30. Use Case Diagram

  31. Use Case Diagrams • Summarized into a single picture • All of the use cases for the part of the system being modeled • Use case represents the discrete activities performed by the user • Use Case Diagram tells what the system will do • Good for communicating with users

  32. Syntax for an Use Case Diagram • Actor • person or system that derives benefit from and is external to the subject • Use Case • Represents a major piece of system functionality • Association Relationship • Include Relationship • Extend Relationship • Generalization Relationship <<includes>> <<extends>>

  33. Use Case • A major piece of system functionality • Can extend otherUse Cases • Placed inside system boundary • Labeled with descriptiveverb-noun phrase Use Case

  34. System Boundary • Includes the nameof the systeminside or on top • Represents thescope of the system • Actors are outside the scope of the system Boundary

  35. Actor • A person or anothersystem that interactswith the current system • A role, not a specific user • Provides input, receives output, or both actor Actor/Role

  36. Association Relationship • Links actor and the Use Case • Shows two-way communication • If one-way, arrows are used • * is for "multiplicity of the Association" * *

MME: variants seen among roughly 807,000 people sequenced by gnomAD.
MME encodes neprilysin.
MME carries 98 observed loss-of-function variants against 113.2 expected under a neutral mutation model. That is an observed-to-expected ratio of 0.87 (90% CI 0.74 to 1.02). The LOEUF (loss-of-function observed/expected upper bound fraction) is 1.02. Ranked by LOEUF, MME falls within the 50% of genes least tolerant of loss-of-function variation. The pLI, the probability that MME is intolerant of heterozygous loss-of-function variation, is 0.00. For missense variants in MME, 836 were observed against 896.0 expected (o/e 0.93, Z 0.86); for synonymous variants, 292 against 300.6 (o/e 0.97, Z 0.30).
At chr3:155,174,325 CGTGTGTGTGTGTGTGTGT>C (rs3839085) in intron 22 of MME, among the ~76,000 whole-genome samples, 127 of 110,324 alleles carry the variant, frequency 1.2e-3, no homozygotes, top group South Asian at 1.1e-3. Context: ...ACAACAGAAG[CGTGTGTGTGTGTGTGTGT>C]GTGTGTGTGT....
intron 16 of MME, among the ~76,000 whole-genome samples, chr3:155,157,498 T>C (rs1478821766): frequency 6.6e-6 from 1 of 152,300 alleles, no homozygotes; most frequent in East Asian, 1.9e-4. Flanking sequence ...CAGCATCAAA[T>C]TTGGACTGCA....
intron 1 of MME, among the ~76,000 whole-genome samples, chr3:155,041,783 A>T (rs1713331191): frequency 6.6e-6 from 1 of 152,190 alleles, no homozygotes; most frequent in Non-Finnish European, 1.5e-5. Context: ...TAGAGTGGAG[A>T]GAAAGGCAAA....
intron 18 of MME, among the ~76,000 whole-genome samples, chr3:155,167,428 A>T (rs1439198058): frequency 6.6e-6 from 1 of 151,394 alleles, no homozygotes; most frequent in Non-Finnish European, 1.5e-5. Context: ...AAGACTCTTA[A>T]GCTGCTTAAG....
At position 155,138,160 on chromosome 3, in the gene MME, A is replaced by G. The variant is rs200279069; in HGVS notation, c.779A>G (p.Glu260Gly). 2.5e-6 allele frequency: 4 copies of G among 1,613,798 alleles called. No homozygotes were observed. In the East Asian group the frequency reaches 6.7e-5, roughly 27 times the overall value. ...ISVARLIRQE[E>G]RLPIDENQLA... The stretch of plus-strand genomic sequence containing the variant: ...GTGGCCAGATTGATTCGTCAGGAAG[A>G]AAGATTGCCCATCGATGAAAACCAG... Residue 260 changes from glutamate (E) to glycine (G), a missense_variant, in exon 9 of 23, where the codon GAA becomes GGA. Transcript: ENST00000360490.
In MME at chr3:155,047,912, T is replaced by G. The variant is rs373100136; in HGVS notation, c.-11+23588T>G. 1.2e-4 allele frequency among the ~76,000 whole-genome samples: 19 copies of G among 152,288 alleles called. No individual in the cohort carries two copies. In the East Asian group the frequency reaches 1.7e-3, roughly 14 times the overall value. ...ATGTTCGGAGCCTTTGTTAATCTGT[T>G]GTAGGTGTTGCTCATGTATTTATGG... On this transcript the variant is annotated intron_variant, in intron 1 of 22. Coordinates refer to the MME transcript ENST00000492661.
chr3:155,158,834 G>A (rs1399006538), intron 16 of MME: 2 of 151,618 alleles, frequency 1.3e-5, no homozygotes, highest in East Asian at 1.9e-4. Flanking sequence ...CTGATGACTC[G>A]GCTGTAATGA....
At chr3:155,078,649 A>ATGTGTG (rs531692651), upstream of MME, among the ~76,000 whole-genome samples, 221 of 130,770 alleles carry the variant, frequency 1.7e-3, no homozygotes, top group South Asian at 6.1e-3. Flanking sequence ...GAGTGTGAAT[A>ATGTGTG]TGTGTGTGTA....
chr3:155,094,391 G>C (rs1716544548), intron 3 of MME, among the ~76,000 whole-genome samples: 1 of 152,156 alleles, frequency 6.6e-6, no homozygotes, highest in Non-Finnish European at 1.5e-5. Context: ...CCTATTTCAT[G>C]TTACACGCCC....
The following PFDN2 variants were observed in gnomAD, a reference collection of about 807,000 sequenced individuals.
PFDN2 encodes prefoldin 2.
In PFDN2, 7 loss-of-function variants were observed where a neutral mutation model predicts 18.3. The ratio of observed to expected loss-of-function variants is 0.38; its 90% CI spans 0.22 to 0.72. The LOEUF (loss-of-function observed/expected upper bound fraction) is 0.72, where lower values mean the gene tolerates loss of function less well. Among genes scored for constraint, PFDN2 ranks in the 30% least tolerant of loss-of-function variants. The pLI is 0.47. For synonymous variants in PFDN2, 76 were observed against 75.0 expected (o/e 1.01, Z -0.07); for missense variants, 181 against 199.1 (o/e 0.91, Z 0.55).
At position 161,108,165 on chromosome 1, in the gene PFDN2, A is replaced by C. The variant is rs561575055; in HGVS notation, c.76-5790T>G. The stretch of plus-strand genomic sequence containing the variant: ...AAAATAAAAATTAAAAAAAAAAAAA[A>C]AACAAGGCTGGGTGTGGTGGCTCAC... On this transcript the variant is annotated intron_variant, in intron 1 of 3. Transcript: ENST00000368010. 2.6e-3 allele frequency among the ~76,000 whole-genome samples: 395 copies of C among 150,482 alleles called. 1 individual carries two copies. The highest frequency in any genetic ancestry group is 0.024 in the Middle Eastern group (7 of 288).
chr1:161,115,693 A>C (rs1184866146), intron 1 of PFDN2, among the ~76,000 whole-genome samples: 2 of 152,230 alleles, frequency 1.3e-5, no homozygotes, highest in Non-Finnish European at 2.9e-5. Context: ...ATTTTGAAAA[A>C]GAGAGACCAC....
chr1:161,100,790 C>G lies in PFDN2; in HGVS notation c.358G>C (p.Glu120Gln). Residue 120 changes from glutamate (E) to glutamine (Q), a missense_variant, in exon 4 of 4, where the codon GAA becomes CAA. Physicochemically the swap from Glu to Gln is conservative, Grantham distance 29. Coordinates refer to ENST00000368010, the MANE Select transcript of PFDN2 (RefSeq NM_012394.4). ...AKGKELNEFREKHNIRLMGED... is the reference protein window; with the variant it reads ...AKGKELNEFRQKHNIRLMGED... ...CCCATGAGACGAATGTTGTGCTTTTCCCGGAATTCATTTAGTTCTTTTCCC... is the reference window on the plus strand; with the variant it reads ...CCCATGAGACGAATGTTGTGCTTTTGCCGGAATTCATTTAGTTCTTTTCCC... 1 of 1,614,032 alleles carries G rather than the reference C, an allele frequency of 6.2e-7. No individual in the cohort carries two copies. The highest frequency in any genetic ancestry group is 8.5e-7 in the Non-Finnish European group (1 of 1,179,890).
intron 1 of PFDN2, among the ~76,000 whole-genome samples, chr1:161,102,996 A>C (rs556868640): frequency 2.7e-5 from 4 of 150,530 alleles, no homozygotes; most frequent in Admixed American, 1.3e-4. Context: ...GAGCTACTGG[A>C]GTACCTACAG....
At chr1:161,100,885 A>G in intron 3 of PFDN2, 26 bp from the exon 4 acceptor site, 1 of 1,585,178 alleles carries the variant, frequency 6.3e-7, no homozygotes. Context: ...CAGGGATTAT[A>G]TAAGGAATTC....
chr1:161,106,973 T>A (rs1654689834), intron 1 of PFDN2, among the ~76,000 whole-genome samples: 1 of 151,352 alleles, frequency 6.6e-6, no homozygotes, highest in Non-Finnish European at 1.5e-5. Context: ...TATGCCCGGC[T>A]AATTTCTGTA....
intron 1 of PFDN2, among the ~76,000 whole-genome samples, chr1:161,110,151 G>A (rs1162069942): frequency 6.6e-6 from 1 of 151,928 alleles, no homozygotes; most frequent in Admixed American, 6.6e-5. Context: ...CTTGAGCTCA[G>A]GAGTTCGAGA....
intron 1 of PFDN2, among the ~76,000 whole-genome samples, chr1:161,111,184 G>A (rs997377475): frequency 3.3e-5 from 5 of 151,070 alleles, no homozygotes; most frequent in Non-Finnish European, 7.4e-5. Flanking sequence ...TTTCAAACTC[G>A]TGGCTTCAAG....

37. Extends Relationship • Extends Use Case to include Optional behavior • Arrow points from the extension Use Case to the base Use Case extend extend MakeAppointment Make Payment Arrangement

  38. Include Relationship • Include one Use Case from within another • Arrow points from base Use Case to the included Use Case include include Create New Patient Make New Patient Appointment

  39. Generalization Relationship • A specialized Use Case to a more generalized Use Case • Arrow points from specialized to general Use Case Make OldAppointment MakeAppointment

  40. Use Case Diagram for Appointment System

  41. Use Case Diagram with Specialized Actor

  42. Extend and Include Relationships

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  44. ATM System